Neuroscience webinar: Innovating therapies for glial cells related diseases

Date & Time November 25, 2020 - 14:00 CET
Address Online
Location Online

With the help of NeurATRIS, French node of EATRIS, the French Club of Glial Cells offers this mini-symposium on innovating therapies for glial cells related diseases.

The diseases of the nervous system including tumors are among the most dreadful diseases in humans. While the final outcome of these diseases is almost invariably due to neuronal dysfunction and death, glial cells often appear to be at the origin or to largely participate to the neuron unsettling. Thus, designing therapies directly targeting glial cells is highly relevant for the large majority of diseases of the central and peripheral nervous system (CNS/PNS).

As glial cells provide an undeniable and significant support to neuron function and survival, an exciting novel way to tackle nervous system diseases is to design therapies that will modify, improve or sustain this support in order to prevent neuronal cell dysfunction or death.

In this webinar, 3 reknowned speakers will illustrate this strategy using various technological approaches and treatments in diverse types of glial-cells related pathologies of the CNS and PNS.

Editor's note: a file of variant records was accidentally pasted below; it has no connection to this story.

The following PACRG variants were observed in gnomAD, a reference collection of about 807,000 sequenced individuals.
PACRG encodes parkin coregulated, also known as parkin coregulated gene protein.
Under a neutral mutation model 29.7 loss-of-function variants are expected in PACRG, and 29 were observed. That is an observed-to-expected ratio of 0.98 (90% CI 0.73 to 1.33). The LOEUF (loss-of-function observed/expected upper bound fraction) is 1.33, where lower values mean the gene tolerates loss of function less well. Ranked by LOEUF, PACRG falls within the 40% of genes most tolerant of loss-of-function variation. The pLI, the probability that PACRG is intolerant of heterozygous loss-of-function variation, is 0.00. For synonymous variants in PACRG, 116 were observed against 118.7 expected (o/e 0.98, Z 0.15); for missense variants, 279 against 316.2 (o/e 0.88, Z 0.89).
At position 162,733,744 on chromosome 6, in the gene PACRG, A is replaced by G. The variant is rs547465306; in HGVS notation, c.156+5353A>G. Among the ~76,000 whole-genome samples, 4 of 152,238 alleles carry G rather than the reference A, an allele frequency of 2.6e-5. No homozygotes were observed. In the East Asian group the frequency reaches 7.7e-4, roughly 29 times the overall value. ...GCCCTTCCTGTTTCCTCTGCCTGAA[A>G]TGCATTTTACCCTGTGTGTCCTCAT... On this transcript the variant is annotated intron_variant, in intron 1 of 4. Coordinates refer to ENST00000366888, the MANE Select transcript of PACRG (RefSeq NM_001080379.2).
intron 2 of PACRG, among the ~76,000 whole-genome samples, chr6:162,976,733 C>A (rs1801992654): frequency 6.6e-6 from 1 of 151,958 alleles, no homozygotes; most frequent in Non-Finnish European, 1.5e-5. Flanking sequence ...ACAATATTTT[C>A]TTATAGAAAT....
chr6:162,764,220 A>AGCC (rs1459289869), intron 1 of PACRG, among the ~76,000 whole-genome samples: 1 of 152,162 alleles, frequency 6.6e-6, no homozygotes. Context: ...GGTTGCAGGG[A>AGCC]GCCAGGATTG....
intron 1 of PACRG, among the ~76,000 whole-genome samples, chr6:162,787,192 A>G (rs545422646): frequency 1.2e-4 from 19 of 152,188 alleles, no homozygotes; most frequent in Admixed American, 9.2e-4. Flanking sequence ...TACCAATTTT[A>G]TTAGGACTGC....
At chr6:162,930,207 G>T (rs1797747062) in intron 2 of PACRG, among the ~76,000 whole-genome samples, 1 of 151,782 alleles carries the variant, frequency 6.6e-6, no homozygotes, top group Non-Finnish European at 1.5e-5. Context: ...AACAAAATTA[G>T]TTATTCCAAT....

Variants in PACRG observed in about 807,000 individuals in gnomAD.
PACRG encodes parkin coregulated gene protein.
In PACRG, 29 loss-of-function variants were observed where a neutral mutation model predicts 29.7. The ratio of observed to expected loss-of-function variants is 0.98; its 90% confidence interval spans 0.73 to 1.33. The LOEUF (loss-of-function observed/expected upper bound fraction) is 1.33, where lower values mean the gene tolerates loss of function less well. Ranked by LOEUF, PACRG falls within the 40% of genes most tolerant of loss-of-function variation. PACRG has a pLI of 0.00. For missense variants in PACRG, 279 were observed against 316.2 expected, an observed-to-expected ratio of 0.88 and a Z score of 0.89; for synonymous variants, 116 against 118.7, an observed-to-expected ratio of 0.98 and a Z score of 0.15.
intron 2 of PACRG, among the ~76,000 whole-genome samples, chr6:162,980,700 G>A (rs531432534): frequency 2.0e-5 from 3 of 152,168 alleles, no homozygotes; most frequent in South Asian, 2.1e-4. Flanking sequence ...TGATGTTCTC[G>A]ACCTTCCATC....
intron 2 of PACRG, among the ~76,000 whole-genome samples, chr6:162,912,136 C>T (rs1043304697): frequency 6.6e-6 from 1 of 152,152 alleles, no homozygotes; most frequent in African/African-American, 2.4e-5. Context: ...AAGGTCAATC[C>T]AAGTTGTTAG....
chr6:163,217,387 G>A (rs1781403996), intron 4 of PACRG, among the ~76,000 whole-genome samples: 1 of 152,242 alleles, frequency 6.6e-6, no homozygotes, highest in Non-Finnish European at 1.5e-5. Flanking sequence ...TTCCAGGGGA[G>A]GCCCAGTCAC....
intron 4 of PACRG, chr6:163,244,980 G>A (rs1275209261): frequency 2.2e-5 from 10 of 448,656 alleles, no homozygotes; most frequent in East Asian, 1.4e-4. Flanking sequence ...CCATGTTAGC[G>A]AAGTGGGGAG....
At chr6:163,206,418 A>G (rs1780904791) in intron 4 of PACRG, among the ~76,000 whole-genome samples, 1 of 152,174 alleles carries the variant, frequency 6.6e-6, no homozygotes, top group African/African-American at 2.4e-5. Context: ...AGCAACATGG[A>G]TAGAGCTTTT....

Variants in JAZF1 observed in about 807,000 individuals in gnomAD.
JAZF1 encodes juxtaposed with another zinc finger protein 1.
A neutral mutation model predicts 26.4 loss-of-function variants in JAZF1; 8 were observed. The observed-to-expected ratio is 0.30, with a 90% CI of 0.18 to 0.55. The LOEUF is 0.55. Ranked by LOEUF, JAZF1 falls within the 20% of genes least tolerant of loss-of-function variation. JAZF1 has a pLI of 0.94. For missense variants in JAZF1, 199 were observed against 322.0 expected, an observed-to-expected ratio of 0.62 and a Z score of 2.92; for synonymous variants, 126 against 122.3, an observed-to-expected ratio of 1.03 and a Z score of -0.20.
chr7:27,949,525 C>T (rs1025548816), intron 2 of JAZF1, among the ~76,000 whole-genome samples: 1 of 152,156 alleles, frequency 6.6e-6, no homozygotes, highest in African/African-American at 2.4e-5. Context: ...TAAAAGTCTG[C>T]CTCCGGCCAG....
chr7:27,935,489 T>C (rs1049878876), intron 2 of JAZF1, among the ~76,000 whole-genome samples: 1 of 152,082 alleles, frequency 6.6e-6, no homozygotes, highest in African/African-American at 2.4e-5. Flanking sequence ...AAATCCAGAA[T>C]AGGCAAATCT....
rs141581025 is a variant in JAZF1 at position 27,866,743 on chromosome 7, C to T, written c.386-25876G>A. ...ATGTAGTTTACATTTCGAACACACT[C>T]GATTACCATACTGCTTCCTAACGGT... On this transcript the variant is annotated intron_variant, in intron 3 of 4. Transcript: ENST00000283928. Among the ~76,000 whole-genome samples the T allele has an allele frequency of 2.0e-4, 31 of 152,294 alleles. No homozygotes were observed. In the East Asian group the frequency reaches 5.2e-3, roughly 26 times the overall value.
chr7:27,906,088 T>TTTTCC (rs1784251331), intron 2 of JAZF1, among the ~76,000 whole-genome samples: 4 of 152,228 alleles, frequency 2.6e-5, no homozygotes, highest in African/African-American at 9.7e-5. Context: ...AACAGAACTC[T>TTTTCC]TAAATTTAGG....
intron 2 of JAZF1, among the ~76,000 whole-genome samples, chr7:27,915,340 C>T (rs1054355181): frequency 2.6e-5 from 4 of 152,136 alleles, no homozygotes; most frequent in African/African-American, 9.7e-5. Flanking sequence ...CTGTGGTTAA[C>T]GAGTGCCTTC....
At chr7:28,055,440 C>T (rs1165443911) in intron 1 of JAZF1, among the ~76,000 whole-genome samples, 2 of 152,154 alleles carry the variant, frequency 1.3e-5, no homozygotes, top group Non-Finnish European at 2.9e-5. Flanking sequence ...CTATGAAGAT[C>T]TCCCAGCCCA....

Caroline Sevin
Service de Neurologie Pédiatrique, GHU Paris-Sud – Hôpital de Bicêtre
Gene therapy for leukodystrophies : beyond targeting the oligodendrocyte

Caroline is a neurologist and pediatrician at Bicêtre Hospital and a member of the “gene therapy” team led by Nathalie Cartier at the Brain Institute. She develops gene therapies for some leukodystrophies and is vice-president of the scientific council of the European Leukodystrophy Association. She is one of the managers of the reference center for rare leukodystrophies and leukoencephalitis.

Piotr Topilko
Institut Mondor de Recherche Biomédicale (IMRB), Créteil
Are MEK inhibitors the best option for curing neurofibromas in neurofibromatosis type 1 ?

Piotr is an internationally recognized expert in the field of Schwann cell biology and Neurofibromatosis type 1 (NF1). He leads outstanding research on Schwann cells, neural crest-derived boundary cap (BC) cells and NF1. He identified BCs as cells at the origin of neurofibromas in NF1. His team recently set up NF1 mouse models, which has led to substantial progress in the understanding of development of neurofibromas, including their malignant transformation and are used for drug screening studies.

Nicolas Tricaud
Institut des Neurosciences de Montpellier, Montpellier
Gene therapy for demyelinating peripheral neuropathies : targeting Schwann cells in a local approach

Nicolas is team leader at the Institut des Neurosciences de Montpellier. Before, he has been working at the Swiss Federal Polytechnic School in Switzerland and at the Memorial Sloan Kettering Institute in New York city in the USA. He is an expert in the biology of myelin and peripheral nerves. Winner of the ERC consolidator grant in 2012, he develops therapeutic approaches for diseases of the nerve and for neurodegenerative diseases linked to myelin in the brain and spinal cord.